Photo courtesy of jonnnnnn
"All plant material to be low water and deer resistant, however, plants cannot be guaranteed deer proof."
Above is an excerpt from my standard contract when designing for clients who co-exist with deer. The fact that I feel the need to legally protect myself from deer-induced disappointment is a good indicator of how unhappy, angry and downright crazy people get when deer ravage their gardens. Of course, choosing deer resistant plants is the first line of defense, but here are a few other strategies to consider.
Fake ‘em out
The police say that one of the best strategies to avoid getting robbed is a well-lit front yard. Burglars aren’t interested in a challenge, and will by-pass you in favor of an easier target. Turns out deer are opportunists as well. As anyone who has dealt with deer knows, plants touted for their resistance vary in effectiveness. But there is also a school of thought that while some plants are generally avoided (think ornamental grasses), other plants go beyond resistance and actually repel deer. This category is made up of plants with an herbal or medicinal smell, like salvia, catmint, rosemary and other strong-smelling herbs. By mixing some of these in with less resistant plants, if you’re in luck, the deer will simply go elsewhere to dine and never notice your delectable blooms. It’s almost like hiding the chocolate pudding in a little fortress of broccoli.
Deer repelleing salvia combines with deer resistant lamb's ears and carex to help keep the deer from noticing a Just Joey rose.
And as long as I’m on the topic of odor, if you have a native or low water garden and are in a drought year (or years) the herd’s hunger will increase while their pickiness simultaneously decreases. If your plants are established, STOP WATERING! Irrigation keeps the plants from forming protective resins that render an otherwise repellent odor (to the deer, anyway) odorless. California native gardeners can check out the Las Pilitas Nursery site for additional deer-proofing strategies.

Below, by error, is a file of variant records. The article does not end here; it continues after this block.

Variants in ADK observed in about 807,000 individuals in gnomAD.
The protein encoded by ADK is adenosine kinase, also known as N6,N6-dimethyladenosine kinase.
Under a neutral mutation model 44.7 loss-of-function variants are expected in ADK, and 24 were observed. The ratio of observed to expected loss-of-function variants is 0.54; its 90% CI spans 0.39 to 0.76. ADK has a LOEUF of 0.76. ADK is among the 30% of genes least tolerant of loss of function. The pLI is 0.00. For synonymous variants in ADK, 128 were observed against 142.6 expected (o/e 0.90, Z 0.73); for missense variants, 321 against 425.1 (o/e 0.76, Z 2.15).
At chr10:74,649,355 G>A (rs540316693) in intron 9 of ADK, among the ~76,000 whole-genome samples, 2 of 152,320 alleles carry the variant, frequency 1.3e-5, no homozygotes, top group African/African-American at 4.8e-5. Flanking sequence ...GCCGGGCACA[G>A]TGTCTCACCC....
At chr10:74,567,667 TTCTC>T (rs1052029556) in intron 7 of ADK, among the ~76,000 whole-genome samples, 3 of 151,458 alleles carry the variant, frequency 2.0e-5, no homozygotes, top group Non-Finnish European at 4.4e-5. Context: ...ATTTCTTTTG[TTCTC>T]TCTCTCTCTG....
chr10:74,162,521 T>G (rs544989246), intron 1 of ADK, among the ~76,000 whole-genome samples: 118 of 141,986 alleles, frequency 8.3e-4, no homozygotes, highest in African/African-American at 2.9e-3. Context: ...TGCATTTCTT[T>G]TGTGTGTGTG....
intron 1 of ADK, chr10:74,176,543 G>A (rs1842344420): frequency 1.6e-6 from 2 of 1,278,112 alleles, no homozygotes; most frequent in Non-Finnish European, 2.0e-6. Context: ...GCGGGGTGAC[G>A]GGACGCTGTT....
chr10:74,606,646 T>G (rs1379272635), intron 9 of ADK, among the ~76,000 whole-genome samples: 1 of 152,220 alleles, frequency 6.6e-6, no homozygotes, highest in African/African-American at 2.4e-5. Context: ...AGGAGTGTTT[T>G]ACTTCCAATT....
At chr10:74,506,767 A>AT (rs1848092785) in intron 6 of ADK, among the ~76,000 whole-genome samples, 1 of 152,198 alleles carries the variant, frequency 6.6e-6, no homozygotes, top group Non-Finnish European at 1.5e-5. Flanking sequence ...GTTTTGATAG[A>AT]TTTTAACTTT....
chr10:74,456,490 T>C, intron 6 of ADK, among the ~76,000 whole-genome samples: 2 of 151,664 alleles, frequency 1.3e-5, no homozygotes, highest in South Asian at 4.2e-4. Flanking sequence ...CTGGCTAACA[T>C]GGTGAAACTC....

Wait ‘em out
Deer are most destructive to young plants, which can easily be chomped down to the roots before a deer even realizes the plant doesn’t taste good. Fencing in young plants or using deer repellent for the first few seasons is one way to get plants strong enough to handle the occasional munching. Once a plant is old enough to withstand losing some of its foliage, nibbling can actually be a benefit. If you’ve ever wondered how the Ceanothus cultivars that are native to California are kept in check in the wild, now you know.
Share the Wealth
Fencing is the easiest way to keep deer out entirely, or at least make it difficult enough they are more likely to leave you alone (see fake ‘em out, above). But fencing your entire garden can be expensive, and in the areas where I design, usually the deer were there first. I’ve occasionally been surprised by a client’s decision to build an expensive home in a rural area, then complain about deer and other wildlife. A nice compromise is to fence part of the yard, and leave the rest for habitat. That was the strategy we used in this Mediterranean hillside garden, and it’s been an effective way to give the homeowners the best of both worlds. The fence was left open by mistake one evening, but hey, the roses were ready to be pruned anyway.
Looking for more ideas to banish deer? Check out what other Roundtable members have to say on the topic: